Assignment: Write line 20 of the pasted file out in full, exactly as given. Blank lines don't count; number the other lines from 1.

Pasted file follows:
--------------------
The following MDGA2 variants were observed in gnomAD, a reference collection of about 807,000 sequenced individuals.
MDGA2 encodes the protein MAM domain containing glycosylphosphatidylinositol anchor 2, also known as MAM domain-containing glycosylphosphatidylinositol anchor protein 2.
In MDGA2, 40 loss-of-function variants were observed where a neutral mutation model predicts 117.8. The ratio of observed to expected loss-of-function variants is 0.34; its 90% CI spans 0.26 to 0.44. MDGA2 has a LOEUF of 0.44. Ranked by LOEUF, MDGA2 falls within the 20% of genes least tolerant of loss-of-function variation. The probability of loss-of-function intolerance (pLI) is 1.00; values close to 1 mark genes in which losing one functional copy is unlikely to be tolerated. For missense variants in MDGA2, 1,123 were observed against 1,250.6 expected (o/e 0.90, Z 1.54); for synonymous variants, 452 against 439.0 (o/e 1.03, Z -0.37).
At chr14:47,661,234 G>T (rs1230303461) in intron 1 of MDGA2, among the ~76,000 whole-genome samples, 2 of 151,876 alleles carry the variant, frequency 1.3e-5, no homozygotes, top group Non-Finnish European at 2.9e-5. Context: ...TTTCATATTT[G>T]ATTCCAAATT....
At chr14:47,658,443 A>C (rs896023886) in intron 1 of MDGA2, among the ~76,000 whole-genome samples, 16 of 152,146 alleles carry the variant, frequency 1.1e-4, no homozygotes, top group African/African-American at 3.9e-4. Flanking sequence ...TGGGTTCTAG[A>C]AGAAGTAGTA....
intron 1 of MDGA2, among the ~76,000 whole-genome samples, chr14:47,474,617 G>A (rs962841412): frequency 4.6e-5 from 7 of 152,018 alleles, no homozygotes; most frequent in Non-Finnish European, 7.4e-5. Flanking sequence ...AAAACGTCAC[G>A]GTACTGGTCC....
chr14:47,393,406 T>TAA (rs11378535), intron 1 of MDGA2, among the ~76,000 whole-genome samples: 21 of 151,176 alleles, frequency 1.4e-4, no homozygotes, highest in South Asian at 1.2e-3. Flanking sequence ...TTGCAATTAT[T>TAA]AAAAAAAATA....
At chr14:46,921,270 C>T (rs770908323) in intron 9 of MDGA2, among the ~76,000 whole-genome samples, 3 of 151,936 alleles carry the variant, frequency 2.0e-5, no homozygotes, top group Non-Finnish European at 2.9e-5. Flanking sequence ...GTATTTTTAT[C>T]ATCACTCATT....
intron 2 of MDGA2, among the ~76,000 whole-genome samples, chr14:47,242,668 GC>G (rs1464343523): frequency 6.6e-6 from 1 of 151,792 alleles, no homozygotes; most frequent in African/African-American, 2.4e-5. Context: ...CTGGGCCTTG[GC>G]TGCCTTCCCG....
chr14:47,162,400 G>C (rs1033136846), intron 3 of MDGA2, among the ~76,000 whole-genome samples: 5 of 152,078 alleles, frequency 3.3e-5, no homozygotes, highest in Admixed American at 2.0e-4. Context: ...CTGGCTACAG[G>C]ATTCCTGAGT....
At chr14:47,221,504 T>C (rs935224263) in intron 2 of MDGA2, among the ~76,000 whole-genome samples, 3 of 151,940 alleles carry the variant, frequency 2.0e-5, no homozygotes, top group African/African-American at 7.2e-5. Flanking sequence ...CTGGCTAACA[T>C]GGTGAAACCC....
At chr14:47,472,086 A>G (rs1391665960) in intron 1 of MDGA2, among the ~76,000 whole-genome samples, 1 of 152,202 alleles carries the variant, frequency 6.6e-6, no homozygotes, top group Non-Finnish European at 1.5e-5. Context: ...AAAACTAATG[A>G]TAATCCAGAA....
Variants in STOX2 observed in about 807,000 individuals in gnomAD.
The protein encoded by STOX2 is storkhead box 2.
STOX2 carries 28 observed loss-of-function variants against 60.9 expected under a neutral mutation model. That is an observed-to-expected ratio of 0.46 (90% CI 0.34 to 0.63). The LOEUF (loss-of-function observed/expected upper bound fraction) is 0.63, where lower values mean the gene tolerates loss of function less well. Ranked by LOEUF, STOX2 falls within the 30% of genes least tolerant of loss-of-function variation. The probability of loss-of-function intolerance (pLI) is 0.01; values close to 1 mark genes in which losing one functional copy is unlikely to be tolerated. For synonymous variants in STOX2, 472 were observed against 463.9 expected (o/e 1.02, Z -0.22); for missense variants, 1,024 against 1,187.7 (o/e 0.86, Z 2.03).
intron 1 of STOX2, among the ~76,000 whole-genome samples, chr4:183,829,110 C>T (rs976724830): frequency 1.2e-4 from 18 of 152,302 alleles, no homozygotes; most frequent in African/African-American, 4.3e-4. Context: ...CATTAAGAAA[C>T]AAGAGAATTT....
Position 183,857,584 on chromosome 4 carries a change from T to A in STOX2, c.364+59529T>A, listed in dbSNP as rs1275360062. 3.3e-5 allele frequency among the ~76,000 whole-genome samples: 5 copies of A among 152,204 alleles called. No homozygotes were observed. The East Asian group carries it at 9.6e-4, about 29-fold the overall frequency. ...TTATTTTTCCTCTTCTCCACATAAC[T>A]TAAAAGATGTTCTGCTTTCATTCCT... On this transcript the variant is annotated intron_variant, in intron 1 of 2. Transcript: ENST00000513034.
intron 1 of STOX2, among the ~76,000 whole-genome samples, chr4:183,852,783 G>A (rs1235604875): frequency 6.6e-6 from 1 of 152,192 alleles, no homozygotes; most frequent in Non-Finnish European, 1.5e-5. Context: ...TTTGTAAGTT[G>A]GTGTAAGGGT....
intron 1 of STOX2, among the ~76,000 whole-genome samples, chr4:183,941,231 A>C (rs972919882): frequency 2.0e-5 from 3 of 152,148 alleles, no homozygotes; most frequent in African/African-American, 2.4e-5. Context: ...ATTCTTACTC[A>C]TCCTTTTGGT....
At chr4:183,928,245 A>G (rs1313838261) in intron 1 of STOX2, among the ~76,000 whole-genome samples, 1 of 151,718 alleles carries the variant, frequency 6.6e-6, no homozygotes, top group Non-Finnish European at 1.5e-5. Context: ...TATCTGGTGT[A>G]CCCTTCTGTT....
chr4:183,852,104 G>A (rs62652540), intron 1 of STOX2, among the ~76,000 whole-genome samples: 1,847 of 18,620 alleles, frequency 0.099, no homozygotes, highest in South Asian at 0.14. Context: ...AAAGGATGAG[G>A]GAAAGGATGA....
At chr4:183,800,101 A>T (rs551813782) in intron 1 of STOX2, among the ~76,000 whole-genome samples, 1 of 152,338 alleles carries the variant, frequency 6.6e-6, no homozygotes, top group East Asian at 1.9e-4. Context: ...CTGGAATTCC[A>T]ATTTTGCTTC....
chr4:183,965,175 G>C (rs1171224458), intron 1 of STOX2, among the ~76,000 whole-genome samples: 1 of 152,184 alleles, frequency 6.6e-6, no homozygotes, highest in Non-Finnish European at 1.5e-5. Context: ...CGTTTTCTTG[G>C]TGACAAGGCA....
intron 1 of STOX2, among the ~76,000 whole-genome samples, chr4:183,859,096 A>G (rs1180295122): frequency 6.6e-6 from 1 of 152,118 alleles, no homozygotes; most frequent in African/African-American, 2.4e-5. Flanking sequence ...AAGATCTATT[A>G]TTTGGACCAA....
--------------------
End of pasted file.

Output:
At chr4:183,928,245 A>G (rs1313838261) in intron 1 of STOX2, among the ~76,000 whole-genome samples, 1 of 151,718 alleles carries the variant, frequency 6.6e-6, no homozygotes, top group Non-Finnish European at 1.5e-5. Context: ...TATCTGGTGT[A>G]CCCTTCTGTT....